New Rog Centre Rejects Criticism by Some Alt Culture Groups in Ljubljana

By , 26 May 2022, 13:10 PM Lifestyle
The renovation work The renovation work Photo: Centre Rog

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STA, 25 May 2022 - Several alternative culture groups, NGOs and other initiatives called on Wednesday for a boycott of the emerging new creative centre at the location of Ljubljana's former bicycle factory Rog. They argue the city has been deaf to the proposals of the autonomous community that was evicted from Rog's dilapidated premises in 2021.

Addressing the press in front of the sizeable centre, which is being revamped in a EUR 20 million investment meant to be completed next year, the groups called for an open debate that would allow a democratic planning of the new premises.

The boycott initiative has been backed by the Autonomous Rog Factory collective, Ljubljana's counter-culture centre Metelkova Mesto, the Youth for Climate Justice, members of Radio Student, the Collective of culture workers, the anthropology department of the Faculty of Arts and several other groups.

The grievances include unsolved issues related to the police-backed eviction of Rog's users in January 2021 by the City of Ljubljana and what the protesters see as the exclusion of all but "the obedient partners of the city authorities" from the planning of the new centre.

While calling for a public discussion to exchange ideas, they pointed to alternative proposals that Rog's users already put forward in 2019 in an effort to make the centre a model for self-organisation and active participation.

One possible solution would be a cooperative-like model that would allow workers with precarious labour arrangements, the unemployed and refugees to receive training in construction work, crafts and administration.

The other would involve full autonomy, with the city committing to respecting the principle of self-organisation and the centre's users to the organisation of non-profit activities for the public good.

The protesters, who say the city has refused to discuss these options, hope for some support from new government given the size of the project.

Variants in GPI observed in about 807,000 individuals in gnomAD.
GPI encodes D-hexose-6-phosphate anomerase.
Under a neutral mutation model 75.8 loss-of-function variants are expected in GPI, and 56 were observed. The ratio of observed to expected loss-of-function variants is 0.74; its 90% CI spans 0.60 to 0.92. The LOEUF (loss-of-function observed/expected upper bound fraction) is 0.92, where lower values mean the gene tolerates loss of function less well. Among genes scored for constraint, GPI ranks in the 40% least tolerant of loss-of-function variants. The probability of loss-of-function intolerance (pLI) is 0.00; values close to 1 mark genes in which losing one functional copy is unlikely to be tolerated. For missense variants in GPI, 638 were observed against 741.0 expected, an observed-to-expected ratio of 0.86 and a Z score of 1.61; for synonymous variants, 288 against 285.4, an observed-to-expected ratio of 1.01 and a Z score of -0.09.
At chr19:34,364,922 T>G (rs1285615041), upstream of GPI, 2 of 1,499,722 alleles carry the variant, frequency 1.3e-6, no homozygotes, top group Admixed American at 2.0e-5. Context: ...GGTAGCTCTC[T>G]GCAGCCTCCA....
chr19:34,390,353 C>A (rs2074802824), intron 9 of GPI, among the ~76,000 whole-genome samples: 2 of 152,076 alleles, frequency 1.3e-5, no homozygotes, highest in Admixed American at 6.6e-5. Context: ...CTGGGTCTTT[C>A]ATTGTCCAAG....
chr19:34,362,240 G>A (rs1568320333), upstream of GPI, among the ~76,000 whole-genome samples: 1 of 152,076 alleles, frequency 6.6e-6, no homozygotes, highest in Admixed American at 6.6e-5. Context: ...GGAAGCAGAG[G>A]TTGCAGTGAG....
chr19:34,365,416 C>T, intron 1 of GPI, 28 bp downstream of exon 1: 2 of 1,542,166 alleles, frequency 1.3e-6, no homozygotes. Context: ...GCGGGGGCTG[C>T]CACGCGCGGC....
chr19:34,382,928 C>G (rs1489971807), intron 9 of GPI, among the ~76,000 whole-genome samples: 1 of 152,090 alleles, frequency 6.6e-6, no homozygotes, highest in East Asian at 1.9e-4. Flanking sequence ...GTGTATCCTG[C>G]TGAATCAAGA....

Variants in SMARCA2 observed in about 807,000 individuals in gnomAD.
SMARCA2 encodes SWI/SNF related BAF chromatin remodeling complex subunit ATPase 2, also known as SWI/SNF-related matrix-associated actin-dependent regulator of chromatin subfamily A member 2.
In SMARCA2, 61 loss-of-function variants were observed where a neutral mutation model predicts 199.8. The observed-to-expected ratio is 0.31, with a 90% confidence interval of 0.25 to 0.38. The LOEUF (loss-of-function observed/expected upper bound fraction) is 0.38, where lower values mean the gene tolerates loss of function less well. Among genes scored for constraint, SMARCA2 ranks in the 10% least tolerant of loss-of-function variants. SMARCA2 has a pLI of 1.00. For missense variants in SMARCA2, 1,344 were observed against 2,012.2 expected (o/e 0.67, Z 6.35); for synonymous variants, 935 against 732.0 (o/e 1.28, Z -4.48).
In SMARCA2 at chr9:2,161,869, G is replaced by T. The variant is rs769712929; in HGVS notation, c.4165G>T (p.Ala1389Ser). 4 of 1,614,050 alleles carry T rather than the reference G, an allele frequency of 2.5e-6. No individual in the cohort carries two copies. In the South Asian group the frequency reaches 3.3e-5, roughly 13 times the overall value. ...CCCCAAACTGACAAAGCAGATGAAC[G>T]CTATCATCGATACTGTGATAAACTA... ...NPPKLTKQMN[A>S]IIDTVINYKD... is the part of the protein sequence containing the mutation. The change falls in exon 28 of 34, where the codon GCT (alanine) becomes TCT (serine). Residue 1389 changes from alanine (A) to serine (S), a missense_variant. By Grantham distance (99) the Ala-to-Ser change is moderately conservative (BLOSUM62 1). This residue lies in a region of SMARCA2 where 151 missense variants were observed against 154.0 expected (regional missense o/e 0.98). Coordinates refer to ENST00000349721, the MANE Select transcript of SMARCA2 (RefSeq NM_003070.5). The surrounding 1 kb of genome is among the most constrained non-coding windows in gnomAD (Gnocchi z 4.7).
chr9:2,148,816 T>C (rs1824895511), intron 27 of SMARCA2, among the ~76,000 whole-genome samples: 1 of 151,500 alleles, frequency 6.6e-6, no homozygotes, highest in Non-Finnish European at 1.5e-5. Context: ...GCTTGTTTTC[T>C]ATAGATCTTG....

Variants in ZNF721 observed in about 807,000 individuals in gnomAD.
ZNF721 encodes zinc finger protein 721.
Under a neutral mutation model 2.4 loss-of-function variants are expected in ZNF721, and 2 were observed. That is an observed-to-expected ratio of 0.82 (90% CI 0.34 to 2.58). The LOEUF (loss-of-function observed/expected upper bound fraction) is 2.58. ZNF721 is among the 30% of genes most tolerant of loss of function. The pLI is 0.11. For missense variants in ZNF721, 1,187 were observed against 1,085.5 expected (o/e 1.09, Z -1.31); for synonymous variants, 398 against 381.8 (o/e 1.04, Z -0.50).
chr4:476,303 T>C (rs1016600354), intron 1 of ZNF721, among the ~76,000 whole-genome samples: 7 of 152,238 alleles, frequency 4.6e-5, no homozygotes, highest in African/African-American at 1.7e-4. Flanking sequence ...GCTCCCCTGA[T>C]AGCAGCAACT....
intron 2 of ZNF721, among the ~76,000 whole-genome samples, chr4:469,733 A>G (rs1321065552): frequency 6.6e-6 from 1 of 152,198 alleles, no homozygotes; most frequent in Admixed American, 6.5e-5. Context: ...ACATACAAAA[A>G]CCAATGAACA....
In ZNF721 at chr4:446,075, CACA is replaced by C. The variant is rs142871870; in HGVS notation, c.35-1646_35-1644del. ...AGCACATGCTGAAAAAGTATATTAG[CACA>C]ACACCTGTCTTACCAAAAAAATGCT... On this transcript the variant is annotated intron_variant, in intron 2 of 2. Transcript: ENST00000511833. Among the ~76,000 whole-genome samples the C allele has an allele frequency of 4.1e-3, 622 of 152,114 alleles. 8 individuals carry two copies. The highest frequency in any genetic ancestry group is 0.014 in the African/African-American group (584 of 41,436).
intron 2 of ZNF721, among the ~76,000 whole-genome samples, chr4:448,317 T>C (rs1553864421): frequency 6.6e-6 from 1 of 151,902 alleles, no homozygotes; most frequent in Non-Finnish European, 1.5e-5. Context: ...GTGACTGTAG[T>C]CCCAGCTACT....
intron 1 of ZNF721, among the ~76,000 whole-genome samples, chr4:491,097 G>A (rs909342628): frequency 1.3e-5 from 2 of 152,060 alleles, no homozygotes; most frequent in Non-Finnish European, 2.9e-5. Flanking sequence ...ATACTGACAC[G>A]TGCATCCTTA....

The Rog Centre responded by saying it had been cooperating with a number of NGOs and initiatives, as the centre's development was the largest example of community planning so far.

Its programme as part of the RogLab project has been created since 2010 through a broad participative process. More than 6,000 users, 450 experts and 80 partner organisations from Slovenia and other countries have been involved so far.

"Both the interested former users and the wider public participate in conceiving the programmes, as well as its neighbours, as it is designed to be a publicly accessible space uniting very different communities. Anyone who is willing to take part can join this process at any time," Rog said.

Rog Centre is in the purview of the City of Ljubljana, which announced in April the centre would promote cultural and creative activities, especially product making, applied arts, architecture and design.

Plans include seven production labs, including for textile, wood processing, ceramics and glass, and green and culinary labs, for which there will be a membership fee similar to a library fee.

A total of 25 production units will be available free of charge based on calls for applications. The use of the facilities will be limited to three to four years. Five residential units will be available to users from abroad, the project's representatives announced.

The centre will also have a large area for socialising and exhibitions, a library and cafes. There will moreover be two smaller shops where products manufactured at the labs will be sold.

The building will have four floors and a total of 8,500 square metres. Outside the building a park will span 8,000 square metres.

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